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A Perplexing Mix of Eccentricities in 'Lesser Magoo'

THEATER REVIEW

February 06, 1997|DON SHIRLEY | TIMES STAFF WRITER

Approaching the end of Mac Wellman's new "The Lesser Magoo," at Ivy Substation, a character remarks that it's hard to have a conversation "with people acting so, so . . . random."

That same quality also makes it hard to maintain interest in "The Lesser Magoo."

It begins promisingly, with a scene depicting a job interview from hell. Poor Torque (Paul Gutrecht) is on the hot seat, interrogated by the hard-edged Curran (Jennifer Griffin) while her boss Candle (Ryan Cutrona) snorts insults from the side.

Torque can't quite understand their questions. They speak in Wellmanesque--a combination of slang, technical jargon, made-up nonsense and the kind of real words that require a trip to the dictionary. At least Torque understands more of the jargon than we do. Still, it's easy to grasp the essential dynamic of this conversation and to sense that something is at stake.

The rest of the play doesn't manage as much. It moves to Candle's country estate. The host, his wife Ruth (Christi Engel) and daughter Tessara (Sarah Jean Abramson) are entertaining Curran plus distant relatives Candle Prosper (William Mesnik), who has just retired from the Senate, and Sycorica (Lena Starostina), from somewhere deep in Asia. Also on hand are the effusive author Gabriel Pleasure (William Gonta), the silent mathematical genius Foss (Richard Tyson), a former employee's ghost (William Martin Brennan) and the caterer Shimmer (Gutrecht).

The suggested narrative of the first scene vanishes, replaced by mostly aimless talk and occasional, inexplicable choruses of song. Individual phrasings are sometimes clever, but self-consciously so. The most comprehensible speech is the ex-senator's rumination on liberal fatigue, but it's so uncharacteristically obvious that it might as well be introduced by a placard labeled "Author's Political Statement."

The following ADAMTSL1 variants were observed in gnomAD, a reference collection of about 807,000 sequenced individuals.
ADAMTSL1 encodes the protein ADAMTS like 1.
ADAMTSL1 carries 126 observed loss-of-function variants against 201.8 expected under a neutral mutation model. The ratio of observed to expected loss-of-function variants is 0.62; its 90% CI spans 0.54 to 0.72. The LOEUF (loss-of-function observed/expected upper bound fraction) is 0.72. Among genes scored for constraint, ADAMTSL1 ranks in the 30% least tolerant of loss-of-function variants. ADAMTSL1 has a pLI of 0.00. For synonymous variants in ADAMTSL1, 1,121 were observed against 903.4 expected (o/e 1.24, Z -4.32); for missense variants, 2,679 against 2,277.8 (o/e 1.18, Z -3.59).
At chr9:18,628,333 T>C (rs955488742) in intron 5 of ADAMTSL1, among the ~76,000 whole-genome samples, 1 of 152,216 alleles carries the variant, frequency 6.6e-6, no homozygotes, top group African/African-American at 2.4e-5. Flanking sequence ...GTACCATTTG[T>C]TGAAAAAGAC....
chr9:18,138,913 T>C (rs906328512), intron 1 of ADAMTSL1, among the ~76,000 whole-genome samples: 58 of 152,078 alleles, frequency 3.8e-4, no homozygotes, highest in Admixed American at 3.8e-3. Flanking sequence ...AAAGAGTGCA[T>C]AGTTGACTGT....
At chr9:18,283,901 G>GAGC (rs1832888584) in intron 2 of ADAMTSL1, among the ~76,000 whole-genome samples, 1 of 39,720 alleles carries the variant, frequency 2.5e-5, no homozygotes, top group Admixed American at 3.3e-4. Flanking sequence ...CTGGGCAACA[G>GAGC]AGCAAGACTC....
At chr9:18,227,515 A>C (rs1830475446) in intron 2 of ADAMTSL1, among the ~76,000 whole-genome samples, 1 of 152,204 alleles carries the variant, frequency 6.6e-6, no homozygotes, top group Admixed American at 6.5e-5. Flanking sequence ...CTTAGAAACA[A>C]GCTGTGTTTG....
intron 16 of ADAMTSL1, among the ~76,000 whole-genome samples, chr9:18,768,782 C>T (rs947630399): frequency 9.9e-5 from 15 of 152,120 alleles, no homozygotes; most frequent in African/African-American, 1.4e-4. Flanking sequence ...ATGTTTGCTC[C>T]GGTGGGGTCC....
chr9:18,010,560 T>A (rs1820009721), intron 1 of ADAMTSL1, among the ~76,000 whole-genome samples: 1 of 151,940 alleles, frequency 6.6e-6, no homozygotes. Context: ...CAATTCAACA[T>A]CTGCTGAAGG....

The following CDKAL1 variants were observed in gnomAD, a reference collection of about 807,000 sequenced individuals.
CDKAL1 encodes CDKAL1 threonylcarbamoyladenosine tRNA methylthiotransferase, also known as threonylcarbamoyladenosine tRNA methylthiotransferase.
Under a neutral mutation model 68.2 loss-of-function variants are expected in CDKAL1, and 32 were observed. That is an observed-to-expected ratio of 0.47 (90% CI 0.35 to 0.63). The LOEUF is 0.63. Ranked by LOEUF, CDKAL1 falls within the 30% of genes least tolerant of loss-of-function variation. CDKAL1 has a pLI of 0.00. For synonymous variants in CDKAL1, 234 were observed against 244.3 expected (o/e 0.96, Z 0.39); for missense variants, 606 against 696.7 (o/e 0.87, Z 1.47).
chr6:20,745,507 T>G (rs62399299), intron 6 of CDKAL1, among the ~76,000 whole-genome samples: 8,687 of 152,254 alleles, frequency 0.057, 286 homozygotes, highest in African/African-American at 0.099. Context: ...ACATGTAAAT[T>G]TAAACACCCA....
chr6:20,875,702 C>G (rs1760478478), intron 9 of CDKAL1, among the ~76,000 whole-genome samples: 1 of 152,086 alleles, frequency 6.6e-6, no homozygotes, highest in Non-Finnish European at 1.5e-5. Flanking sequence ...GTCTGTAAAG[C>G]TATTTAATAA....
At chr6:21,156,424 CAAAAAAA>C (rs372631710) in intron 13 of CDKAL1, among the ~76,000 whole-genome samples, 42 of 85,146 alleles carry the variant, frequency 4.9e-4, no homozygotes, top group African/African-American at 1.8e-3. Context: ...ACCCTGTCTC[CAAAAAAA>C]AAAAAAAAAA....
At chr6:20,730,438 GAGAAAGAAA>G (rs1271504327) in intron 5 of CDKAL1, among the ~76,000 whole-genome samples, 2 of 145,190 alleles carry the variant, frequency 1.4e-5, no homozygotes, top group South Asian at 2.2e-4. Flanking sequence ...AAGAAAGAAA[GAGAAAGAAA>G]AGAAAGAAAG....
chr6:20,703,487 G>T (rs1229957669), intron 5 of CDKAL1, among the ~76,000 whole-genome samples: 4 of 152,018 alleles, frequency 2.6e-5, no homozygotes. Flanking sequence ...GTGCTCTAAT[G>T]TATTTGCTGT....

Bottom's Dream is certainly an appropriate company to stage "The Lesser Magoo," for much of the play has the quality of a dreamscape, and near the end Gabriel emerges wearing a donkey's head, a la Bottom in "A Midsummer Night's Dream." The cast's facility with Wellman's eccentric style--and their commitment to it--is much clearer than the script itself. Director Katherine Owens, composer Michael Roth and designers Susan Gratch and Trevor Norton occasionally create a spark of magic, but the script usually confounds such attempts.

To be fair, this is the last play in Wellman's "Crowtet," a group of four plays. The other three haven't been produced here. Maybe they would make all the difference--then again, this one hardly inspires a desire to see the others.

* "The Lesser Magoo," Ivy Substation, 9070 Venice Blvd., Culver City. Thursdays-Saturdays, 8 p.m. Ends March 1. $15. (310) 231-0446. Running time: 1 hour, 20 minutes.

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